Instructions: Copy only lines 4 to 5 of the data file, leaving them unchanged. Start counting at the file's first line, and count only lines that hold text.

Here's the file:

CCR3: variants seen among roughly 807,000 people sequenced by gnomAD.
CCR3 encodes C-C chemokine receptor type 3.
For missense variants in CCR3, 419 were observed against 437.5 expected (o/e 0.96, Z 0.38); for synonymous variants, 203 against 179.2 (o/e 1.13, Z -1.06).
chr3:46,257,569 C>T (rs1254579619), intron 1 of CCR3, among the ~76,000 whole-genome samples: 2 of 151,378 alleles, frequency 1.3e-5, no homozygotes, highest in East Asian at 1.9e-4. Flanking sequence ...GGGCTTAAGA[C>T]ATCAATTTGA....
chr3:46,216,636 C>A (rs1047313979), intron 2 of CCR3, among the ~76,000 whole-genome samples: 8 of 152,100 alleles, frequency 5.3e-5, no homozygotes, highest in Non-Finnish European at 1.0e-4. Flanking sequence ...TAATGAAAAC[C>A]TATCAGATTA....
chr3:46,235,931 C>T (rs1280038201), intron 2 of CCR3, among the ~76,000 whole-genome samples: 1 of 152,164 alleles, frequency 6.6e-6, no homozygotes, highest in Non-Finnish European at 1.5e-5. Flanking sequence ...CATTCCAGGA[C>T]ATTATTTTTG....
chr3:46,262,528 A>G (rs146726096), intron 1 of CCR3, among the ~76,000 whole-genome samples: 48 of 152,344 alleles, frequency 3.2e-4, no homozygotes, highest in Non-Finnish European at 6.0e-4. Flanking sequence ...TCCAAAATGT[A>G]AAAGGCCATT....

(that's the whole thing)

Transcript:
chr3:46,257,569 C>T (rs1254579619), intron 1 of CCR3, among the ~76,000 whole-genome samples: 2 of 151,378 alleles, frequency 1.3e-5, no homozygotes, highest in East Asian at 1.9e-4. Flanking sequence ...GGGCTTAAGA[C>T]ATCAATTTGA....
chr3:46,216,636 C>A (rs1047313979), intron 2 of CCR3, among the ~76,000 whole-genome samples: 8 of 152,100 alleles, frequency 5.3e-5, no homozygotes, highest in Non-Finnish European at 1.0e-4. Flanking sequence ...TAATGAAAAC[C>A]TATCAGATTA....